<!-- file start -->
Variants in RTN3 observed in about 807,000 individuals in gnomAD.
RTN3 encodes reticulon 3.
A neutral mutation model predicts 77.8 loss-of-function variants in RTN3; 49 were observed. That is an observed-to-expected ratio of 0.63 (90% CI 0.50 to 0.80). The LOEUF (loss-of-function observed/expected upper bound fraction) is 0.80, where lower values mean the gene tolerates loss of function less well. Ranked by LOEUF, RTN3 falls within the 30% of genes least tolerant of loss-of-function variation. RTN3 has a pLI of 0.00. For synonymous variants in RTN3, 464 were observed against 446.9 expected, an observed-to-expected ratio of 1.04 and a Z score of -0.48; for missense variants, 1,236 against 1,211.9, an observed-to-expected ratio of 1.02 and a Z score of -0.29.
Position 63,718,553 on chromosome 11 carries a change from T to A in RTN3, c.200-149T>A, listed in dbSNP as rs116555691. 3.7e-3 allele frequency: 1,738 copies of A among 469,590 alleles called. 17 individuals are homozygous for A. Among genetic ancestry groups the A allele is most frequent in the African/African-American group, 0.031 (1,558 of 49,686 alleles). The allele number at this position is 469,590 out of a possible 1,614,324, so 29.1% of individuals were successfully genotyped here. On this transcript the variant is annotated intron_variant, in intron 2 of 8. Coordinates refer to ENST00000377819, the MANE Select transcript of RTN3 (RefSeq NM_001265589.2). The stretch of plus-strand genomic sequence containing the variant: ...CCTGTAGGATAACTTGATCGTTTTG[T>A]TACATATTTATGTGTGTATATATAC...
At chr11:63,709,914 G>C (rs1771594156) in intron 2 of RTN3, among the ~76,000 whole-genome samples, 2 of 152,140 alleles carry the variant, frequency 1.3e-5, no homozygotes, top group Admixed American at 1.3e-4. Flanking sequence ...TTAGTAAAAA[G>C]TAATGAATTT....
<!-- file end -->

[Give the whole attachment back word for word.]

Variants in RTN3 observed in about 807,000 individuals in gnomAD.
RTN3 encodes reticulon 3.
A neutral mutation model predicts 77.8 loss-of-function variants in RTN3; 49 were observed. That is an observed-to-expected ratio of 0.63 (90% CI 0.50 to 0.80). The LOEUF (loss-of-function observed/expected upper bound fraction) is 0.80, where lower values mean the gene tolerates loss of function less well. Ranked by LOEUF, RTN3 falls within the 30% of genes least tolerant of loss-of-function variation. RTN3 has a pLI of 0.00. For synonymous variants in RTN3, 464 were observed against 446.9 expected, an observed-to-expected ratio of 1.04 and a Z score of -0.48; for missense variants, 1,236 against 1,211.9, an observed-to-expected ratio of 1.02 and a Z score of -0.29.
Position 63,718,553 on chromosome 11 carries a change from T to A in RTN3, c.200-149T>A, listed in dbSNP as rs116555691. 3.7e-3 allele frequency: 1,738 copies of A among 469,590 alleles called. 17 individuals are homozygous for A. Among genetic ancestry groups the A allele is most frequent in the African/African-American group, 0.031 (1,558 of 49,686 alleles). The allele number at this position is 469,590 out of a possible 1,614,324, so 29.1% of individuals were successfully genotyped here. On this transcript the variant is annotated intron_variant, in intron 2 of 8. Coordinates refer to ENST00000377819, the MANE Select transcript of RTN3 (RefSeq NM_001265589.2). The stretch of plus-strand genomic sequence containing the variant: ...CCTGTAGGATAACTTGATCGTTTTG[T>A]TACATATTTATGTGTGTATATATAC...
At chr11:63,709,914 G>C (rs1771594156) in intron 2 of RTN3, among the ~76,000 whole-genome samples, 2 of 152,140 alleles carry the variant, frequency 1.3e-5, no homozygotes, top group Admixed American at 1.3e-4. Flanking sequence ...TTAGTAAAAA[G>C]TAATGAATTT....